For over twenty years I prospected for oil and gas, with a measure of success. Of eight wells drilled, six were successful. I never used dowsing. I used standard geophysical techniques such a seismic data, gravity and magnetics, and well data. But the information was never enough to find oil. Some experience and intuition was required to make sense of conflicting information. There was also an ability that we geologists called, “a prospecting sense”. Some geologists could hone in on a prospect by its “smell”. They could find prospects faster than anyone else, even though everyone was looking at the same information. The chance of drilling a successful well was often no better than 50-50. But those people beat the chances.
I suggest that we have a bit more respect for water prospectors, and experienced water dowsers who know their craft. Even though we may not understand how dowsing works, it is undoubtedly real, and in the right hands can benefit us greatly.
8 thoughts on “Witchcraft in the Water Works”
Many thanks for this interesting article. There are a few things I could add about this incident that may be of interest. After the scientist became incensed at the sight of water company engineers dowsing on her parents’ land, she wrote to the 12 water companies asking whether they used dowsing. 10 of the 12 replied that they did (evidently the replies were sent by people at a fairly junior level). After she had publicized the matter in the Guardian and elsewhere, the companies all sought to minimize what they had said earlier. Their use of dowsing was all very minimal, they all had the latest equipment which they relied on much more etc. etc.
There followed a programme on BBC radio 2 presented by Jeremy Vine. The scientist was there and a friend of mine from London and Thameside Dowsers, John Baker, also took part (I think by telephone). A studio assistant had set up a test. There were 3 containers, one of which contained water. The other 2 did not. Jeremy Vine was to see if he could find out the right container by dowsing, though he had never dowsed before. The scientist was contemptuous, saying she was going to laugh herself to death etc. John quietly gave a bit of instruction to Jeremy on how he should dowse, hold the rods etc. Jeremy dowsed over the 3 containers, and over one of them the rods moved. The tops of the containers were removed and the one over which the rods moved was found to be the one that contained the water. The scientist was quiet after that, but after the programme had ended she was apparently very rude to the studio assistant, accusing her of giving subtle signs to Jeremy. The studio assistant in turn became cross about the accusation.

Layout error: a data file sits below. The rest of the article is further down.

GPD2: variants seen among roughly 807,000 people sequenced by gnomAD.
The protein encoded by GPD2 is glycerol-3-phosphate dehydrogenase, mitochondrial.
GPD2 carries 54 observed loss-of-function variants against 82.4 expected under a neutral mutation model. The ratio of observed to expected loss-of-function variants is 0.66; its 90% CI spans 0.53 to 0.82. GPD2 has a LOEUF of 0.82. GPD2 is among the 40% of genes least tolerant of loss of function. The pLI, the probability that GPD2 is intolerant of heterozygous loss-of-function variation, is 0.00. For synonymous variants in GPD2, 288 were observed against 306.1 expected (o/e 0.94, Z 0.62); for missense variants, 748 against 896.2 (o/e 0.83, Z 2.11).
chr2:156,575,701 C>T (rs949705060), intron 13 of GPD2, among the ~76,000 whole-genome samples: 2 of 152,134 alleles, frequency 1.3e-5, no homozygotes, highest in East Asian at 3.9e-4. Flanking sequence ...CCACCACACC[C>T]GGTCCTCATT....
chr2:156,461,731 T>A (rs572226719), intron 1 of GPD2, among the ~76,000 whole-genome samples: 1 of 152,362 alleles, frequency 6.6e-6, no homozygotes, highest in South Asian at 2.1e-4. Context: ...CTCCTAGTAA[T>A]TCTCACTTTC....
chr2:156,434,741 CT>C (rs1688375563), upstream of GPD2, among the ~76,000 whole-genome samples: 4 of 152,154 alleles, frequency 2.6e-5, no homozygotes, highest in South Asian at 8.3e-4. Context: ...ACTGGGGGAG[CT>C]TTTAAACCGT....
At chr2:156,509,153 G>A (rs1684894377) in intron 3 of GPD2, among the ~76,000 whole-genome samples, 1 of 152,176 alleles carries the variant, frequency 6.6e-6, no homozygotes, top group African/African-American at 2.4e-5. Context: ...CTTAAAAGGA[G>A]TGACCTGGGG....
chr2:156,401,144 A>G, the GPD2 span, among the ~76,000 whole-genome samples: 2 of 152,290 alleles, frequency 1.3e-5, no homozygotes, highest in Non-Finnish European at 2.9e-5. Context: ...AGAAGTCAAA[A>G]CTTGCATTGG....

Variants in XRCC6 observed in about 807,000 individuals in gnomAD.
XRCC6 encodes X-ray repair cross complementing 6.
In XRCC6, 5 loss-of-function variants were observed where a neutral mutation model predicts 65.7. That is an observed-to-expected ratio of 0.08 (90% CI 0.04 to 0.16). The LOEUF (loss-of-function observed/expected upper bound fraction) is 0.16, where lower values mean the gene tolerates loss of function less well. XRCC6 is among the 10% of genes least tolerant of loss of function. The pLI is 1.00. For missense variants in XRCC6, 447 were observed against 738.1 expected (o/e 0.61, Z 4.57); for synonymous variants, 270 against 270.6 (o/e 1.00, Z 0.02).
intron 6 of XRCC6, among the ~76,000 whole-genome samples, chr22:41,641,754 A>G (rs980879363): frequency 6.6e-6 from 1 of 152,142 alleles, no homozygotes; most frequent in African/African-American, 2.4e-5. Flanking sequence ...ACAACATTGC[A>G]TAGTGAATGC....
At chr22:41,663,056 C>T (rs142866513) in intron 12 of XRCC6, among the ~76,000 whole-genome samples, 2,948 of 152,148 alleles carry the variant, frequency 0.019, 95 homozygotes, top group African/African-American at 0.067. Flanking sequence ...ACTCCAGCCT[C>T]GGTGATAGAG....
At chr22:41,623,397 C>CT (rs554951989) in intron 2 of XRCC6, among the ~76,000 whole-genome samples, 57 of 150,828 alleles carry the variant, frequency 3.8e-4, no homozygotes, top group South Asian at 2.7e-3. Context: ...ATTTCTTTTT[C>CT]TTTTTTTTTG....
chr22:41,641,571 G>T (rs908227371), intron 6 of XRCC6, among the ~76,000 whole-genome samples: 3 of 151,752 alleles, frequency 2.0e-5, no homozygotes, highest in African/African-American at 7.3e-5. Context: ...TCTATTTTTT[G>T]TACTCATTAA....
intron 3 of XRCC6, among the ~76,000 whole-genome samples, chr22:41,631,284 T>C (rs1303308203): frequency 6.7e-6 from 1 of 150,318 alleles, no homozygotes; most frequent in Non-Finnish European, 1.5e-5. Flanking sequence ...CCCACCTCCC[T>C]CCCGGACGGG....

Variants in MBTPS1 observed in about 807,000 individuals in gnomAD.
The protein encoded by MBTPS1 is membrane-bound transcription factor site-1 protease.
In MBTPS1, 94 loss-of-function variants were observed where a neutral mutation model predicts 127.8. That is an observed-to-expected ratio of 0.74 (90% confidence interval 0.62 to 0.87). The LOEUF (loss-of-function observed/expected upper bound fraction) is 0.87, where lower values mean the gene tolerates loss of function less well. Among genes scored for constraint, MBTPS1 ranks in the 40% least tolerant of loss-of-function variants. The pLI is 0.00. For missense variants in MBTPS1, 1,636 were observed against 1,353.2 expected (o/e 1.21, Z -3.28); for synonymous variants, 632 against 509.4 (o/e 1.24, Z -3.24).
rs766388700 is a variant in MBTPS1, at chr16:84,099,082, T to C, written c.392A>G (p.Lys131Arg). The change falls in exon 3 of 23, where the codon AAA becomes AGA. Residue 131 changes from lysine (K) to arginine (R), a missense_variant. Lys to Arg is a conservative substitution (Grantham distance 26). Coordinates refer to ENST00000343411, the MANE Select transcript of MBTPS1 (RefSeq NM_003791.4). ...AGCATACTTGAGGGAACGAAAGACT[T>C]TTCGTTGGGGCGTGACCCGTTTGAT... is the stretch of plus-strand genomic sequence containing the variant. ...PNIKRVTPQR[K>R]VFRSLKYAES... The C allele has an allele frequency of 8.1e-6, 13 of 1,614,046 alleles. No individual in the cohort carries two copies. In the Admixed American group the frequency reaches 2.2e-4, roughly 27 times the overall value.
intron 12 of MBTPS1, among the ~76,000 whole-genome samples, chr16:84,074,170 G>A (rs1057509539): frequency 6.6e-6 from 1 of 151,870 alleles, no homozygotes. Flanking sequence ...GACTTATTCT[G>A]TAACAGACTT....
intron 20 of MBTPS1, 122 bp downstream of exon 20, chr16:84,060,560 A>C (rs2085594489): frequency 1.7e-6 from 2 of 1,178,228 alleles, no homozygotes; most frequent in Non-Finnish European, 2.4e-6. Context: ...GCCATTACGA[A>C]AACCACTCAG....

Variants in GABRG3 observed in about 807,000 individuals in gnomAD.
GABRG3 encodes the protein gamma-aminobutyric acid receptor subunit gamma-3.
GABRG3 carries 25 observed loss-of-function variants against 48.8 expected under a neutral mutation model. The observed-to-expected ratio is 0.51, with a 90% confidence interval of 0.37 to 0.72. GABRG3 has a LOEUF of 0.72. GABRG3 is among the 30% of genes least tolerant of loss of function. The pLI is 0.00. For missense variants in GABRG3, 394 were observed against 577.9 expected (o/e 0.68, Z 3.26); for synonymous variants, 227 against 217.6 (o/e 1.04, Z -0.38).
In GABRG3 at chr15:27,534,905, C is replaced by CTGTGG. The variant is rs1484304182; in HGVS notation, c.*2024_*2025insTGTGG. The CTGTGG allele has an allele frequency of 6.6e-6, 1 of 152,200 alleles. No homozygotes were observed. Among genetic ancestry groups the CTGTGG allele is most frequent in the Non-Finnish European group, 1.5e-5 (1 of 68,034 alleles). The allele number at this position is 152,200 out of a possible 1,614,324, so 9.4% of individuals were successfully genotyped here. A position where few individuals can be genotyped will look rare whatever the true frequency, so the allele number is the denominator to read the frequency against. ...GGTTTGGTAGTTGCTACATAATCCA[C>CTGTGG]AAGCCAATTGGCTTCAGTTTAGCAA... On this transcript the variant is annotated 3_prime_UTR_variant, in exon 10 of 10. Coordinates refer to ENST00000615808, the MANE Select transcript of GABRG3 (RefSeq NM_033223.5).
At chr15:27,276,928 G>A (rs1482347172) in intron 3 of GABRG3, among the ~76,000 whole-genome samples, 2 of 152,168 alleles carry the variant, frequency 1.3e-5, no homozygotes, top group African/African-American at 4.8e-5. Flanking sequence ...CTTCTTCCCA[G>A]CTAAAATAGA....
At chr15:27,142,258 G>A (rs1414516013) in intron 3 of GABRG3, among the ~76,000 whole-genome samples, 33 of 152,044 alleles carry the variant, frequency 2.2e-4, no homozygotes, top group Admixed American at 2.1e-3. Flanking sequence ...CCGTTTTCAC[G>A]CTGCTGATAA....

It is in fact quite common for people to be successful using dowsing rods the first time they try. From what you say you may also have been a more successful dowser than you realize. You mention that when you prospected for oil and gas you never used dowsing. Are you quite sure about that? Could a “prospecting sense” be anything other than dowsing? It should be remembered that fundamentally dowsing is not dependent on the use of rods or pendulums. There is also “deviceless dowsing”, when you pick up energies with your hands or by bodily sensing or movements without using an implement. In fact this was how I first got into dowsing in 1981. I was with friends up at the Rollright Stones, a stone circle in the Cotswolds. I found that, at certain points around the King’s Stone (a standing stone near the circle) my hands tingled. It was quite a eureka moment.